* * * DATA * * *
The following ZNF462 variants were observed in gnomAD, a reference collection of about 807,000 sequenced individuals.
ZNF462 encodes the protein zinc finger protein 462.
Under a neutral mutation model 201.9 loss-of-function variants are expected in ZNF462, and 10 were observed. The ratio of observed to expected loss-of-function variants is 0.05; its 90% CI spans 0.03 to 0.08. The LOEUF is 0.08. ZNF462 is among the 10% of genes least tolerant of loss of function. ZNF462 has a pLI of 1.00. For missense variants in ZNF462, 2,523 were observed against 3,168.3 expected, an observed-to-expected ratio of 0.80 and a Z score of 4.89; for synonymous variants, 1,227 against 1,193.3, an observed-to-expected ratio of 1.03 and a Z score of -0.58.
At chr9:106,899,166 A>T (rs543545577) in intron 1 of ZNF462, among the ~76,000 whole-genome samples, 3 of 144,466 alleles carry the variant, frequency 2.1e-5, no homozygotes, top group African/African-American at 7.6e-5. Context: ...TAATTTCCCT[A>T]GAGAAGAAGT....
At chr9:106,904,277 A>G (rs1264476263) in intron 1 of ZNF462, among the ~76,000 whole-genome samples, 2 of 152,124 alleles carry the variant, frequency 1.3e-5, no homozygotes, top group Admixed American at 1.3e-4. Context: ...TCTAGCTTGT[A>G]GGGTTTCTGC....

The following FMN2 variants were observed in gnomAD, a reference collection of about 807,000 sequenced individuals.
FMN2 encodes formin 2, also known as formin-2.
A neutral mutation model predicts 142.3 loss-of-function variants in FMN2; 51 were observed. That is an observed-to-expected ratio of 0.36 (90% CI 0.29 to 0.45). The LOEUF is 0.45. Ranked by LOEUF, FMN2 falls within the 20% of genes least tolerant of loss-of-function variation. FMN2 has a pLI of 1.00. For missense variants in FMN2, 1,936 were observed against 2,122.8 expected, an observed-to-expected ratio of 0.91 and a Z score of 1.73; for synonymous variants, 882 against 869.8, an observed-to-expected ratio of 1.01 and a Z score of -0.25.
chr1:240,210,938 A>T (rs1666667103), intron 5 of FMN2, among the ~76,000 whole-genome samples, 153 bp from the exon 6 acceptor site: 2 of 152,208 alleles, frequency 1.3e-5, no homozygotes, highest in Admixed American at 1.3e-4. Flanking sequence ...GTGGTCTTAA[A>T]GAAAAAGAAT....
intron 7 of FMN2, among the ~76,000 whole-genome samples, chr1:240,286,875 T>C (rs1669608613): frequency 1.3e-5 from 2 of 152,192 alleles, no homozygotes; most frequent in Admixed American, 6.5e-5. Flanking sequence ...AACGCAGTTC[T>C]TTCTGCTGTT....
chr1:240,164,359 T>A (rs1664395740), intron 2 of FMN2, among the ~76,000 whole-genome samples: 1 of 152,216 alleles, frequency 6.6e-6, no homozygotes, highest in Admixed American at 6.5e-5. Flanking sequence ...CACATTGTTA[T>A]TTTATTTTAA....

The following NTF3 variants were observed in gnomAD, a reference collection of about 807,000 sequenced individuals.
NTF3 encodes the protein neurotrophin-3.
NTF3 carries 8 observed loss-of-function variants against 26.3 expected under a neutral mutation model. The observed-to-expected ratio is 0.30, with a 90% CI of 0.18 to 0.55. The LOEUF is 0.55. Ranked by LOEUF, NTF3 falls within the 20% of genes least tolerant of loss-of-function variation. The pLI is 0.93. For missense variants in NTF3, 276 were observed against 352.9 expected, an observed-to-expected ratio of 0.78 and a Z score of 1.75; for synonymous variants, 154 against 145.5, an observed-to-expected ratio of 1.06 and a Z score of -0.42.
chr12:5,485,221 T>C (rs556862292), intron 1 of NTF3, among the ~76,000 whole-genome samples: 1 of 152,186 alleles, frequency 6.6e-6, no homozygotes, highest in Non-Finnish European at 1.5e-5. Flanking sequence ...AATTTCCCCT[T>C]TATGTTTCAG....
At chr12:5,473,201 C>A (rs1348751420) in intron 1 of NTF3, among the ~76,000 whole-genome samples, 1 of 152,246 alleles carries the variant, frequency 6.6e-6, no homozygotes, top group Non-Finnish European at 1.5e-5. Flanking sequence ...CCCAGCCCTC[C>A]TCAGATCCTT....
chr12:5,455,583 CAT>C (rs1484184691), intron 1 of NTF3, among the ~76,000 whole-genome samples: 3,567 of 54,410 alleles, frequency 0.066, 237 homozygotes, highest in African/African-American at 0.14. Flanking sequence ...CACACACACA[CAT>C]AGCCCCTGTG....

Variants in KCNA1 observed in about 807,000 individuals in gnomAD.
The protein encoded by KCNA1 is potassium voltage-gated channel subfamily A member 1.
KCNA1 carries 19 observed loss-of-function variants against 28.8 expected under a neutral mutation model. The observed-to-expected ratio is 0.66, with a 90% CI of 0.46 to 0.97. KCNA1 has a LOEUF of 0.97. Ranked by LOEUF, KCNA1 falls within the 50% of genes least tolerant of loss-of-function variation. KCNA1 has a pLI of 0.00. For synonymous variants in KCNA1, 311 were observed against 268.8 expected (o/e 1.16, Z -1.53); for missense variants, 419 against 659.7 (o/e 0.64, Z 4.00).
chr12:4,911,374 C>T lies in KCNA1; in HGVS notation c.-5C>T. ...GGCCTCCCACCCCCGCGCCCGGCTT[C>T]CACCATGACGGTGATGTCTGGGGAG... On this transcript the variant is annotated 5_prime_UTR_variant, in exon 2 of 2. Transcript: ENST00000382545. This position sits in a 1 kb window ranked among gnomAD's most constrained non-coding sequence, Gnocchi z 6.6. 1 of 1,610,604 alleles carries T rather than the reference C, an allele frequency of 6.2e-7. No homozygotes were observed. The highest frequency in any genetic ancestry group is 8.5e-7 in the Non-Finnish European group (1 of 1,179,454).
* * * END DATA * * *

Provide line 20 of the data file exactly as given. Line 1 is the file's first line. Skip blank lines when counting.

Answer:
KCNA1 carries 19 observed loss-of-function variants against 28.8 expected under a neutral mutation model. The observed-to-expected ratio is 0.66, with a 90% CI of 0.46 to 0.97. KCNA1 has a LOEUF of 0.97. Ranked by LOEUF, KCNA1 falls within the 50% of genes least tolerant of loss-of-function variation. KCNA1 has a pLI of 0.00. For synonymous variants in KCNA1, 311 were observed against 268.8 expected (o/e 1.16, Z -1.53); for missense variants, 419 against 659.7 (o/e 0.64, Z 4.00).